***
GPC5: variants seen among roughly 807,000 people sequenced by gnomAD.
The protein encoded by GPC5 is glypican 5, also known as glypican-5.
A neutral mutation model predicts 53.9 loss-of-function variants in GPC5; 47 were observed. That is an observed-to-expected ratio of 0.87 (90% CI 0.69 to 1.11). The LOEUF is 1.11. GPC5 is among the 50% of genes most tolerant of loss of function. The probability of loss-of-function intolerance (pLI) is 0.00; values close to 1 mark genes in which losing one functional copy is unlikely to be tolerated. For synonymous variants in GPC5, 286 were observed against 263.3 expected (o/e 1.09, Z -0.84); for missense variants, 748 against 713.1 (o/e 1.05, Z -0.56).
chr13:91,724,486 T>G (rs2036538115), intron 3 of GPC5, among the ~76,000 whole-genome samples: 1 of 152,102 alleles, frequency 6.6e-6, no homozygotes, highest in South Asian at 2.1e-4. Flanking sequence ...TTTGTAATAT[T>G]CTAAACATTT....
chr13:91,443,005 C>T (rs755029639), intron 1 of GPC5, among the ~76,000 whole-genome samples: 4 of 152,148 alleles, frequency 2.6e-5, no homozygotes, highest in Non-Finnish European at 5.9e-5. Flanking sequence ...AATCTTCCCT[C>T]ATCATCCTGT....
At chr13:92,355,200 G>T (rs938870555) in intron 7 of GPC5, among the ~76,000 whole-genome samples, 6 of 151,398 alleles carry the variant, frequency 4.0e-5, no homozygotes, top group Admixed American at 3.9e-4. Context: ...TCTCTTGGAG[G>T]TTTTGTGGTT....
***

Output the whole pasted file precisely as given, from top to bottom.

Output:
GPC5: variants seen among roughly 807,000 people sequenced by gnomAD.
The protein encoded by GPC5 is glypican 5, also known as glypican-5.
A neutral mutation model predicts 53.9 loss-of-function variants in GPC5; 47 were observed. That is an observed-to-expected ratio of 0.87 (90% CI 0.69 to 1.11). The LOEUF is 1.11. GPC5 is among the 50% of genes most tolerant of loss of function. The probability of loss-of-function intolerance (pLI) is 0.00; values close to 1 mark genes in which losing one functional copy is unlikely to be tolerated. For synonymous variants in GPC5, 286 were observed against 263.3 expected (o/e 1.09, Z -0.84); for missense variants, 748 against 713.1 (o/e 1.05, Z -0.56).
chr13:91,724,486 T>G (rs2036538115), intron 3 of GPC5, among the ~76,000 whole-genome samples: 1 of 152,102 alleles, frequency 6.6e-6, no homozygotes, highest in South Asian at 2.1e-4. Flanking sequence ...TTTGTAATAT[T>G]CTAAACATTT....
chr13:91,443,005 C>T (rs755029639), intron 1 of GPC5, among the ~76,000 whole-genome samples: 4 of 152,148 alleles, frequency 2.6e-5, no homozygotes, highest in Non-Finnish European at 5.9e-5. Flanking sequence ...AATCTTCCCT[C>T]ATCATCCTGT....
At chr13:92,355,200 G>T (rs938870555) in intron 7 of GPC5, among the ~76,000 whole-genome samples, 6 of 151,398 alleles carry the variant, frequency 4.0e-5, no homozygotes, top group Admixed American at 3.9e-4. Context: ...TCTCTTGGAG[G>T]TTTTGTGGTT....